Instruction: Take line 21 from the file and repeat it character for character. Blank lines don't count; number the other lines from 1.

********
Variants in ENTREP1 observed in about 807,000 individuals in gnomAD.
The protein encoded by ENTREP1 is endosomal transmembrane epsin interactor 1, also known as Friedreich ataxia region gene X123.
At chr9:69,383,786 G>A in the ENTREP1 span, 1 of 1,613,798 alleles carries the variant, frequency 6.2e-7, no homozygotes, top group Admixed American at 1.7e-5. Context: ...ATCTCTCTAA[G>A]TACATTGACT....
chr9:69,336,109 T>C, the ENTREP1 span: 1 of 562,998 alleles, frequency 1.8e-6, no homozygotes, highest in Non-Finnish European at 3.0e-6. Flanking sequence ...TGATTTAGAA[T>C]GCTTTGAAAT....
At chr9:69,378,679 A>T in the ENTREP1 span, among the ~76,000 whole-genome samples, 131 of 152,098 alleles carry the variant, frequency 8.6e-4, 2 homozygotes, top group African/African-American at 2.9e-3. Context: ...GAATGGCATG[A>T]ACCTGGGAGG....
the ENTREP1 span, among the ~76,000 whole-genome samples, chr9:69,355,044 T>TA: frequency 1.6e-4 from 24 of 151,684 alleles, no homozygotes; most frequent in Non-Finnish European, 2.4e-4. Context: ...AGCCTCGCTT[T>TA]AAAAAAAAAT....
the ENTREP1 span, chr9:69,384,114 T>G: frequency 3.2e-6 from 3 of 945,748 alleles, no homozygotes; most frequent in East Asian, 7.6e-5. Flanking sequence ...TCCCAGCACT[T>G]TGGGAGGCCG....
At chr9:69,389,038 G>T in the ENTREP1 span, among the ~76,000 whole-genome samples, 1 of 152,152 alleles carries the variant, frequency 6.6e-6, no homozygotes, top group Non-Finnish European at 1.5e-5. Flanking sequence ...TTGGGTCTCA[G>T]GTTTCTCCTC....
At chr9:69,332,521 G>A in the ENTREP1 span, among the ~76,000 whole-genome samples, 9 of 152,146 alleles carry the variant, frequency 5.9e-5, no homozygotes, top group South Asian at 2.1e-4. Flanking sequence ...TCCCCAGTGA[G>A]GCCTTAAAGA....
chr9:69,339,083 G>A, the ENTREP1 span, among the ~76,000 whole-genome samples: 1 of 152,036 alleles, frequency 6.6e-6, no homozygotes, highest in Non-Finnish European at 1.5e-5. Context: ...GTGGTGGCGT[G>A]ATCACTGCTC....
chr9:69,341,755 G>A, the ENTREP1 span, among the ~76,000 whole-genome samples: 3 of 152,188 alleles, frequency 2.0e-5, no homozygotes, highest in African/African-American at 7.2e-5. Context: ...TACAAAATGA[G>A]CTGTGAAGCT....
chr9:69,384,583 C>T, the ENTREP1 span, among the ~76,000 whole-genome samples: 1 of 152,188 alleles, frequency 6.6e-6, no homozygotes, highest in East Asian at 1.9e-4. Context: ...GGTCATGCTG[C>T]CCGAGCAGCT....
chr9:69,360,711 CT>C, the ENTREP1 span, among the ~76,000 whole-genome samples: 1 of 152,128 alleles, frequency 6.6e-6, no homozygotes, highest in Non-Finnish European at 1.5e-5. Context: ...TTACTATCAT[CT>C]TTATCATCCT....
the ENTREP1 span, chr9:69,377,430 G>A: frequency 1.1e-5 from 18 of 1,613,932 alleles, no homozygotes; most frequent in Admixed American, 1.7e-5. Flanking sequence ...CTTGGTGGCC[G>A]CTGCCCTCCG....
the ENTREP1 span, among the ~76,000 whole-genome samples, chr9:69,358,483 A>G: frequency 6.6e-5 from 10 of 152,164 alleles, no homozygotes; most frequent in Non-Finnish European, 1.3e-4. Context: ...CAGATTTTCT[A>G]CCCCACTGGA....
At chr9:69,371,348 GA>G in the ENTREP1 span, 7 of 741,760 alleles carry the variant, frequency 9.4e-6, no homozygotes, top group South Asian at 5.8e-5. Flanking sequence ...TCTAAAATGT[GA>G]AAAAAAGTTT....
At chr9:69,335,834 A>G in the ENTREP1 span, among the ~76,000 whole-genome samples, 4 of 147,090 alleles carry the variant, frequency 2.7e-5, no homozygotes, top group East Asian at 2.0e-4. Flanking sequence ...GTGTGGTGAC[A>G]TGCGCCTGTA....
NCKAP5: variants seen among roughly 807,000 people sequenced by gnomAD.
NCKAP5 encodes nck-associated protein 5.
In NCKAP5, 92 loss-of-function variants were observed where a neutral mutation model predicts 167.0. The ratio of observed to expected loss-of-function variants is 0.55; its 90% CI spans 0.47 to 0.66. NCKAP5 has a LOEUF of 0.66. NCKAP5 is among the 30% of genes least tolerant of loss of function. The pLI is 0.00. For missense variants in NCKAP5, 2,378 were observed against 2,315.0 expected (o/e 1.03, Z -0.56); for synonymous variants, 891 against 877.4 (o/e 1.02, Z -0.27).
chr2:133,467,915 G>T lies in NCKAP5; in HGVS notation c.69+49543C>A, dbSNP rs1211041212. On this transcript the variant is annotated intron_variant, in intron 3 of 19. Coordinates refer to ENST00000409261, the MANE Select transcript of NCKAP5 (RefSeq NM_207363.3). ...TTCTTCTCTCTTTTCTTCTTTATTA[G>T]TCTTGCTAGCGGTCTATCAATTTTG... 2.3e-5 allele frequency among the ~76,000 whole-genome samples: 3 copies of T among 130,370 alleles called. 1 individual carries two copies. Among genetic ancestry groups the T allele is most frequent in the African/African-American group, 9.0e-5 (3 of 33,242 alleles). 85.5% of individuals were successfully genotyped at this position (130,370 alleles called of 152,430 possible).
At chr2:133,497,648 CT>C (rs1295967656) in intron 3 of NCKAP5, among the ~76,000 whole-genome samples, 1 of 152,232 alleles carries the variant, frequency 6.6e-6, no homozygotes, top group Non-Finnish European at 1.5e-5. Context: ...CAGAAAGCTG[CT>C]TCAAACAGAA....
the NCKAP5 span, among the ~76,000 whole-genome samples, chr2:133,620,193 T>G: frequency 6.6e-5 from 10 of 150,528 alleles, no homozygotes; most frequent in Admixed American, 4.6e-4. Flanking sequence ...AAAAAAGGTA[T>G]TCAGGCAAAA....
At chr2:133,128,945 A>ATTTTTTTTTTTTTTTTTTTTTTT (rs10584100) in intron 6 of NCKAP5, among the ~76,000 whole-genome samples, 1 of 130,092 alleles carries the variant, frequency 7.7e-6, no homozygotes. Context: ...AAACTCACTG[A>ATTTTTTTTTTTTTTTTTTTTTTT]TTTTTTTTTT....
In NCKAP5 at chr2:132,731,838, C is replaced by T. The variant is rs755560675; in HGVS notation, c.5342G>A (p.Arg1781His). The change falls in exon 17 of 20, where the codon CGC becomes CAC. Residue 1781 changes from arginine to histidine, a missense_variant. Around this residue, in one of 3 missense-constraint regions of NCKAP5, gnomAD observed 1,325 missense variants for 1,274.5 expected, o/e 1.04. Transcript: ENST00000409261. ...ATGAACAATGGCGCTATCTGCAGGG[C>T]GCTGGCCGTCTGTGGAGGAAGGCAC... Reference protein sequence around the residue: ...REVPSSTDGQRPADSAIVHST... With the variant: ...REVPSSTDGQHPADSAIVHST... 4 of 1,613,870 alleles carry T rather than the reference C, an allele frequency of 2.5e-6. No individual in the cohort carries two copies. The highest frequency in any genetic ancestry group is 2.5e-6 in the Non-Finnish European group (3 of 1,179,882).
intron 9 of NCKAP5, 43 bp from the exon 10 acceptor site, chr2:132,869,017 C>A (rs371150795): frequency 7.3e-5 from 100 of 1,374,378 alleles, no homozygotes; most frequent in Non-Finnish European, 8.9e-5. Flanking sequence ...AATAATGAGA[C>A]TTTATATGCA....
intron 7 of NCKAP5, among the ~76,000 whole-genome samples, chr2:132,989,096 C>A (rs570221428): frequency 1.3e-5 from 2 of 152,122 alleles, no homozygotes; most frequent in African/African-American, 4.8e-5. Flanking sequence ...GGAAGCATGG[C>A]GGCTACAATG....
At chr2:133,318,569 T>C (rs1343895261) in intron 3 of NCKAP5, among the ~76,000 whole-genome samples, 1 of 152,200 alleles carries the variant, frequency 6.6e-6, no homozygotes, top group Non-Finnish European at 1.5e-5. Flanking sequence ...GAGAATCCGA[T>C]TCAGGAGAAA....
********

chr2:133,467,915 G>T lies in NCKAP5; in HGVS notation c.69+49543C>A, dbSNP rs1211041212. On this transcript the variant is annotated intron_variant, in intron 3 of 19. Coordinates refer to ENST00000409261, the MANE Select transcript of NCKAP5 (RefSeq NM_207363.3). ...TTCTTCTCTCTTTTCTTCTTTATTA[G>T]TCTTGCTAGCGGTCTATCAATTTTG... 2.3e-5 allele frequency among the ~76,000 whole-genome samples: 3 copies of T among 130,370 alleles called. 1 individual carries two copies. Among genetic ancestry groups the T allele is most frequent in the African/African-American group, 9.0e-5 (3 of 33,242 alleles). 85.5% of individuals were successfully genotyped at this position (130,370 alleles called of 152,430 possible).